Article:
Here let the Sceene Change to the House of him whoes doors were allwais open, whoes open Heart had dealt out (tho' Greatly to his loss) as freely to the Necessities of the Poor, as to the Abilities of the Rich. Here behold a General Benifactor Sleeping in Perfect Security, not dreaming of Envy or Mallice, his bosom Frind upon his arm who's months with her at that Time Called for Tender usage, his Young Brood lodged around him. In this state awoaked out of sleep by the dashing in of his windows, behold him in Great amaze opening the Chamber door, Calling aloud to know the matter, his wife holding him by the arme, no humain voice in answer, Except a servant informing that his life was threatened In case he attempted his masters Relief. Here behold a murcyless hand Thorw a hatchet into the windo whence the voice of distress was heard which dashing the Glass about the Naked Bodys Scarce Miss'd their heads. Behold the Tenderer Sexes in untimly Time for flight, faultering, Sinking, Dieing, and the distress'd Husband Conveying her back to her Bead to Die there but being doubly armed with life, Each by Turn recaught the Electrical Fire. Open also your Ears to the Tender Cryes of his Childeren Crying, Father woant they kill me, Father Save me.
View this and much more also, not as an Ammaginary, but as a real Act, and Your selfe as a Principal actor in this, Original Tragedy. Then passby all that past between. Even Your threats uttered to myface Til we Com to the Night of the 14th. May 1767. Here Stop and view the Flaims. Consider well the Spirit that set them on Fire recolect the out Guards Planted there, and near my own Dwilling House also at the Same Time; hear and See a frish the Destress of a mother.
Espessuuly upon hering her outcries Eccoed by one find [fiend]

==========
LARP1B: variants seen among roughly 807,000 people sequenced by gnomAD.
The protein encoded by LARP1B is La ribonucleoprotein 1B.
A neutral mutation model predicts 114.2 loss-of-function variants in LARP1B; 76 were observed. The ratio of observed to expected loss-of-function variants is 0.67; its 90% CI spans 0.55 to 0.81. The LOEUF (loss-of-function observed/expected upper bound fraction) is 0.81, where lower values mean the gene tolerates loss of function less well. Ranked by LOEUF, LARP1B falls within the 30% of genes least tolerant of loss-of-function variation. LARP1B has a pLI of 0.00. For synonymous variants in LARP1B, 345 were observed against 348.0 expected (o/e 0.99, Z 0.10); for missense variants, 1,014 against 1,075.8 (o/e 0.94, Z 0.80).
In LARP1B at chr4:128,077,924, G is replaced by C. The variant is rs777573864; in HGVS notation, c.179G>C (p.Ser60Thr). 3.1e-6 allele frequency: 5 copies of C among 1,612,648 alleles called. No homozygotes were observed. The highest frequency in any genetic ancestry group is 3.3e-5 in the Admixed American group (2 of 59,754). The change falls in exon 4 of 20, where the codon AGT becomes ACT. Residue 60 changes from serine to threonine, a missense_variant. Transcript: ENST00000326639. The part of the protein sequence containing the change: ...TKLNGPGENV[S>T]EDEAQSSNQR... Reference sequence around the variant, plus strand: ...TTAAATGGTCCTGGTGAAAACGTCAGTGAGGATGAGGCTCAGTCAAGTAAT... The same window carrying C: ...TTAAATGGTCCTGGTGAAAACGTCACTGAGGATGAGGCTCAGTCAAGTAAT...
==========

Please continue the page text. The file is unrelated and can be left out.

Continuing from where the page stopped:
to another in the Neighbouring bushes. Here again the Cries of helples Children, Intreeting their pairents to flee as Expecting Every momentto be Surounded in flaims, but flee wheather. Devowerers had Surrounded us, and were Yelling like finds of H—ll for their prey. Two fatted Calves did not appear to Suffize them. Take a Back Sight upon the whole. Look up to God, as looking upon us lay Your hand on Your brest, and Say Your Innocent of any part of the foregoing Charges, or that King has Treated you unjustly. In Your Second letter, you Say “You think the poor Deceased Captive Creaturs have little Sense of what is Past, and that for all that is past, to the Day Instent, the portions remaining to all are Equall.” I Chuse to leeve it to the Proper Profession to Instruct how Solomon and other Sacred writers are to be understood but without Intrudeing; I think this much may be Clearly asserted that vice only can make us Miserable in this life, that he that allowedly lives and Delights therein Can never be happy so long as his mind is So desposed and that on the Contrary the Virtous and well meaning Can never be Miserable. For the Truth of this we need only look into our Selves, and Enquire, whether vice Ever gave us True Pleasure, or Virtue Pain. The Same that we Sow, that shall we reap, and the Lord of the Harvest will Gather us accordingly.